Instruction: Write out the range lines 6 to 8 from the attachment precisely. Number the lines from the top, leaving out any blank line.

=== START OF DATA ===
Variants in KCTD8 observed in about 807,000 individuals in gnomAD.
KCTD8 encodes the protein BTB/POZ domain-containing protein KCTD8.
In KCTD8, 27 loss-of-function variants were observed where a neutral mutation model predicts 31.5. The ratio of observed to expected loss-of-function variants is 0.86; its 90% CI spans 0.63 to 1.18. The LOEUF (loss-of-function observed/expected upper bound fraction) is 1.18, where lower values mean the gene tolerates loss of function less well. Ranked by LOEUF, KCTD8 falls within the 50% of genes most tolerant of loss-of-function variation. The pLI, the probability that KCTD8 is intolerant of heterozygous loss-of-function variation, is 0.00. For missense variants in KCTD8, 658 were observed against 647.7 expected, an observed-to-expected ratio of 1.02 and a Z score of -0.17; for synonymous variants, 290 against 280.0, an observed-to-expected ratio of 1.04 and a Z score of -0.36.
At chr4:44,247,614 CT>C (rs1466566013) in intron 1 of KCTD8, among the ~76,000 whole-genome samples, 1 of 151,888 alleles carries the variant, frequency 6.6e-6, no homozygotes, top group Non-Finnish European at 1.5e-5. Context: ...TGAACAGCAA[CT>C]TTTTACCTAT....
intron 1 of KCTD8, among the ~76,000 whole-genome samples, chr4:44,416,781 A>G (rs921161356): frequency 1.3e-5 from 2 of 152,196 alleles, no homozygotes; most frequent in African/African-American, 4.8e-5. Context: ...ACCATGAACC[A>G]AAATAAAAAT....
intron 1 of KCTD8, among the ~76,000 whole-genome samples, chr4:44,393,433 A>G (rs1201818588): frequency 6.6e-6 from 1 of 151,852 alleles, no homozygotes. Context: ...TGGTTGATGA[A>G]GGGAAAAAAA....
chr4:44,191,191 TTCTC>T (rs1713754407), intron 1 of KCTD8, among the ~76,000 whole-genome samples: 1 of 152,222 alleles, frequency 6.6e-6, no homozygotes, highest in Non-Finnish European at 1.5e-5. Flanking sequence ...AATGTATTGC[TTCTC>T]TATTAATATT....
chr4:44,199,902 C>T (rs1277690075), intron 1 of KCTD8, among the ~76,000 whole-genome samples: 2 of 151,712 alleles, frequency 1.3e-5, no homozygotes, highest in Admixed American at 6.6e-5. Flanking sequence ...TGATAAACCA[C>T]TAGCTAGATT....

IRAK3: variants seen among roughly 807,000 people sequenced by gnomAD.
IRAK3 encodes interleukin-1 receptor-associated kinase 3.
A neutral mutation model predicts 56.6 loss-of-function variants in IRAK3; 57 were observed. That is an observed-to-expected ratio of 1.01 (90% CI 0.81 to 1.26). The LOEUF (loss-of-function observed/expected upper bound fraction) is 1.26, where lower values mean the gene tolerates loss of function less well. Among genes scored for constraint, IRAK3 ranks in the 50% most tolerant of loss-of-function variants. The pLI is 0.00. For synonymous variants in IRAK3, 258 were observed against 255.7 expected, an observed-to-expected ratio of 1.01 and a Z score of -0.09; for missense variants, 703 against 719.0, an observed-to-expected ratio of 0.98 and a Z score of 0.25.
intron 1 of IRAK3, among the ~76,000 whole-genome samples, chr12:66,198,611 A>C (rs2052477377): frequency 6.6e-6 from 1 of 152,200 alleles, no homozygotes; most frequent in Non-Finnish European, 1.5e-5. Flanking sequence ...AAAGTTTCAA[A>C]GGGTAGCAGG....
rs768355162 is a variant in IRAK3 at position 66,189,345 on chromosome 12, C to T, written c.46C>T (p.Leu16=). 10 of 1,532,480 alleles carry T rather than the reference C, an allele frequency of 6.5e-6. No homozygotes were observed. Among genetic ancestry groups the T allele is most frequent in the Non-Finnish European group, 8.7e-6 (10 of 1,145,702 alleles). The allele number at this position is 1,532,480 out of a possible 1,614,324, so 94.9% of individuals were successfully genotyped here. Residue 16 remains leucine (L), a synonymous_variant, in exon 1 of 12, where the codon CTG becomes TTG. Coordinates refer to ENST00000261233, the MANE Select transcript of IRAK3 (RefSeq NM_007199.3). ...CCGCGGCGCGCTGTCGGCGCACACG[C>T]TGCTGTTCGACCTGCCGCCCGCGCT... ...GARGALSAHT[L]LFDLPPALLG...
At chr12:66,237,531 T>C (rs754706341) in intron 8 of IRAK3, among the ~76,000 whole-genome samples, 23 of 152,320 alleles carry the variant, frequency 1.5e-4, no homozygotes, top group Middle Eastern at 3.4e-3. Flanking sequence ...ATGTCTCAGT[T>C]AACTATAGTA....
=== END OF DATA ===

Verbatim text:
intron 1 of KCTD8, among the ~76,000 whole-genome samples, chr4:44,393,433 A>G (rs1201818588): frequency 6.6e-6 from 1 of 151,852 alleles, no homozygotes. Context: ...TGGTTGATGA[A>G]GGGAAAAAAA....
chr4:44,191,191 TTCTC>T (rs1713754407), intron 1 of KCTD8, among the ~76,000 whole-genome samples: 1 of 152,222 alleles, frequency 6.6e-6, no homozygotes, highest in Non-Finnish European at 1.5e-5. Flanking sequence ...AATGTATTGC[TTCTC>T]TATTAATATT....
chr4:44,199,902 C>T (rs1277690075), intron 1 of KCTD8, among the ~76,000 whole-genome samples: 2 of 151,712 alleles, frequency 1.3e-5, no homozygotes, highest in Admixed American at 6.6e-5. Flanking sequence ...TGATAAACCA[C>T]TAGCTAGATT....